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Tam O'Shanter True to Plaids and Prime Rib

The venerable eatery, in its 75th year, also offers poultry, fish and pork dishes with a good selection of side dishes.


Like the Energizer Bunny, Tam O' Shanter just keeps going, and going and going. This venerable Tudor-style roadhouse, now owned by the Lawry's chain, is about to begin its 75th year. Amazingly, its prices have actually gone down in the last three years, by nearly $2 an entree.

It was one of our pioneer theme restaurants, the theme being a fairly upscale Scottish pub. The walls are brightened by framed swatches of Scottish plaids, the tartans of proud clans such as Cameron, Campbell and McDonald. The efficient, mildly impersonal waitresses wear tartan skirts and (natch) the woolen Scottish caps known as tam-o'-shanters.

Tam O' Shanter is a charter member of the diminishing fraternity of comfortable L.A. restaurants. The three dining rooms are dark and intimate, appointed with cozy fireplaces, high-backed tapestry chairs, copper service plates and hutches lined with English bone china.

You won't have much problem remembering that this is a Lawry's operation. Each table comes equipped with shakers of Lawry's Seasoned Salt and Lawry's Seasoned Pepper.

Just past the front podium you come to the Ale and Sandwich Bar, an old-time piano bar. Here chili, ribs and carved sandwiches are available, along with a variety of single-malt Scotches and authentic half-yards of Bass Ale (served in 18-inch-tall beer glasses).


If you stop here, try the lean turkey sandwich or the juicy brisket, laced with burnt edges of lean meat inside an oniony kaiser roll.

But if you've come for a more formal meal, prepare to be hustled into one of the crowded dining rooms. And then prepare your appetite for a joust with the finger-sized hot corn muffins to be found hiding in the wicker bread basket. These muffins are just wonderful, all butter and moist crumbs. They literally flake apart at a touch.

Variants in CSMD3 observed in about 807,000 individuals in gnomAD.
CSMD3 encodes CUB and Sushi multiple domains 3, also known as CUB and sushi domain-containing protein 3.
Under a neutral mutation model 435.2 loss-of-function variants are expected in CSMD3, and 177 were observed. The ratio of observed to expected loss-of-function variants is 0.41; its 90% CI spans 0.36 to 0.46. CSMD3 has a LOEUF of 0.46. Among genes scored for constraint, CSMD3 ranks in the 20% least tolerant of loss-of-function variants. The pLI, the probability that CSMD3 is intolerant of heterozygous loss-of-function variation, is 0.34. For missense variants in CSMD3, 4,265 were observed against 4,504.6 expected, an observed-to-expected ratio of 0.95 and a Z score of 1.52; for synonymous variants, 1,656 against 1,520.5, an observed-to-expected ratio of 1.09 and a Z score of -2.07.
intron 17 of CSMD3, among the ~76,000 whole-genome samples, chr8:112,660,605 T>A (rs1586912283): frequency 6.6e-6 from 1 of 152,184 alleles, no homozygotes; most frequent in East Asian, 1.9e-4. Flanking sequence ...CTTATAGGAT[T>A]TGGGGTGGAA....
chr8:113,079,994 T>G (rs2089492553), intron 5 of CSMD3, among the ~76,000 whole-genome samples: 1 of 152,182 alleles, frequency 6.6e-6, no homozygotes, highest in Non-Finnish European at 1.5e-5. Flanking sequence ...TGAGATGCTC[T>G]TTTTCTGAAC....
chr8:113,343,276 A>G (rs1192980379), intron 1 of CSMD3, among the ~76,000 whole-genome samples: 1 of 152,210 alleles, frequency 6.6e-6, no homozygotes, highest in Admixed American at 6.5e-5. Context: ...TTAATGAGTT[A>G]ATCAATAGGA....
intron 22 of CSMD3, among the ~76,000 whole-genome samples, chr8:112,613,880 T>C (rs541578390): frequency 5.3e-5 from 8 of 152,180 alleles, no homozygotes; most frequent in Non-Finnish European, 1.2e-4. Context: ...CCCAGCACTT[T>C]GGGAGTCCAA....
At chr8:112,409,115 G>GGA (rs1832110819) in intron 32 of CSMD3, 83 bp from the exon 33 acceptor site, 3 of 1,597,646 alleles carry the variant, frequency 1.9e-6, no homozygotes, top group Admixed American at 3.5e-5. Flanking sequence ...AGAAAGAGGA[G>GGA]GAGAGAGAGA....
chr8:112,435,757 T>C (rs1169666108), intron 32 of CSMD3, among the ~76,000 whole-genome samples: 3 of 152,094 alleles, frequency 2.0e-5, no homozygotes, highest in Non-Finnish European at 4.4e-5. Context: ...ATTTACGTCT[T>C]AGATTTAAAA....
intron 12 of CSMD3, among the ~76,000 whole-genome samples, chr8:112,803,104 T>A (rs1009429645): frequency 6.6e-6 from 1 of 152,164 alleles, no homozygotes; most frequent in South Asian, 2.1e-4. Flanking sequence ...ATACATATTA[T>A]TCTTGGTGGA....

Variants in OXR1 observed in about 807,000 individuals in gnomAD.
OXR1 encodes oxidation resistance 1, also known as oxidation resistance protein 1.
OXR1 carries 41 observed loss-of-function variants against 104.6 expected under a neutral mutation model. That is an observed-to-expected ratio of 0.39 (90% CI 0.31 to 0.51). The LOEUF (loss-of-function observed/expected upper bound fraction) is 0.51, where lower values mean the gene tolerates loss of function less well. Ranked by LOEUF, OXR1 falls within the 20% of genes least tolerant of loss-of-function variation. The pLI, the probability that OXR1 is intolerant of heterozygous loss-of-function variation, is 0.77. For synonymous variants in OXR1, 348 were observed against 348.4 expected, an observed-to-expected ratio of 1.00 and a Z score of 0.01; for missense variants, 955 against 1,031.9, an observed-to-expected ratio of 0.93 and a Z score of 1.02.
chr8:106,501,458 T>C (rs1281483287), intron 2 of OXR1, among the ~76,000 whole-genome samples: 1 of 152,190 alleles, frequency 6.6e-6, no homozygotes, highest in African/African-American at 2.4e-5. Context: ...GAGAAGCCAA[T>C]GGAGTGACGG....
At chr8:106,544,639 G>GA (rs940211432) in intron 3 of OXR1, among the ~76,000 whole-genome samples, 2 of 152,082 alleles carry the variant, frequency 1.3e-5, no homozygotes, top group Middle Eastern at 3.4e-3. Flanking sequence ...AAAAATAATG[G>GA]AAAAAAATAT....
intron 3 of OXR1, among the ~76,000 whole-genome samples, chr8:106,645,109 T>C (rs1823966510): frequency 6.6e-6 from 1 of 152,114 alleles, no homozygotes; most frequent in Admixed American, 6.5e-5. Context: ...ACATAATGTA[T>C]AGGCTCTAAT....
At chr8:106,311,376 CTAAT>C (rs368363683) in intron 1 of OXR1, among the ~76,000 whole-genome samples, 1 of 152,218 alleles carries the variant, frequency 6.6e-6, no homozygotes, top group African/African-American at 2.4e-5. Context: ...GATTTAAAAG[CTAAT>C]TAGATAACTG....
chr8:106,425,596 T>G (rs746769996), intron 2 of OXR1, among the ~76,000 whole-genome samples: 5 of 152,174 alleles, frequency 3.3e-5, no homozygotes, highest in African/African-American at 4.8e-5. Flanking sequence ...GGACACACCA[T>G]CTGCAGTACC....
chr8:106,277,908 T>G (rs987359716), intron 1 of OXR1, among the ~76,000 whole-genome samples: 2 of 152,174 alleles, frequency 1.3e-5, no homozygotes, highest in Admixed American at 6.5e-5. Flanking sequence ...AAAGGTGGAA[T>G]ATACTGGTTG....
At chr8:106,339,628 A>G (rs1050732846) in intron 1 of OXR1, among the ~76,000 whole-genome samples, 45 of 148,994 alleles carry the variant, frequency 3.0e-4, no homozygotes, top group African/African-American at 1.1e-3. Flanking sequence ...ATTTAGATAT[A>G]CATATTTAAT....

The appetizer called Scotch rarebit is cheese bubbling away in a crouton-filled copper dish. Too bad the bland cheese cloys after a few mouthfuls. Pass on the oily Cajun popcorn shrimp, too, and instead order the buttery skillet of mushrooms (mostly caps and few stems).

The spinach salad has a nice bacon dressing that isn't as sweet as some around town, while the Caesar has a salty but rather neutral dressing. One nice touch (a Lawry's trademark) is the chilled fork that comes with every salad.

Lawry's excellent prime rib is served in several cuts: English (three small slices), California (a smaller single cut) or Prince Charlie (the monster cut). It remains the ne plus ultra of the genre. With any order of this rich, meaty prime rib come sides of creamed spinach and the puffy, popover-like quick bread known as Yorkshire pudding.

There's also an entree called toad in the hole, which consists of roast beef, onions, peppers and mushrooms baked in Yorkshire pudding.

Other beef options include various steaks. I ordered the sirloin medium rare and received good, gamy Angus beef cooked exactly as requested. The chopped beefsteak is about as lean and flavorful as any chopped steak around.

The dish, like Tam O'Shanter itself, is a throwback to an earlier age of dining. It arrives majestically on a wooden plank with a border of piped mashed potatoes and a topping of fried onion rings. You might reproach yourself if you find, as I did, you've finished off the whole thing.

Among the non-beef entrees are a dependable rotisserie chicken with fresh herbs jammed underneath a crackly skin; a relatively mild and unappealingly flaccid spit-roasted duck (it comes with piquant cherry apple compote); an ultra-tender prime rib of pork; and even Southwest grilled swordfish, a nice but overcooked piece of fish served with spicy black beans and salsa.

There are plenty of acceptable side dishes, such as the firm-textured and fresh sweet creamed corn, and creamed spinach. One side to avoid is the wild rice, a tired rice pilaf that's only about one-fifth wild rice.

The best desserts are a creamy, rum-soaked English trifle and a homemade coconut cake. Both are far better than the leaden double chocolate cake and the gummy, ponderous souffles. The souffles change nightly, but in 75 years, this restaurant has been surprisingly resistant to change. If it ain't broke, don't fix it, right?


* WHAT: Tam O'Shanter Inn.

* WHERE: 2980 Los Feliz Blvd., Los Angeles.

* WHEN: 11 a.m.-10 p.m. Sunday-Thursday; 11 a.m.-11 p.m Friday-Saturday.

* HOW MUCH: Dinner for two, $28-$48. Suggested dishes: skillet of mushrooms, $3.25; rotisserie chicken, $10.95, carved sandwiches, $6.95; chopped beefsteak, $9.95; prime rib, $14.95-$19.95.

* FYI: Full bar. Valet parking. All major cards.

* CALL: (213) 664-0228.

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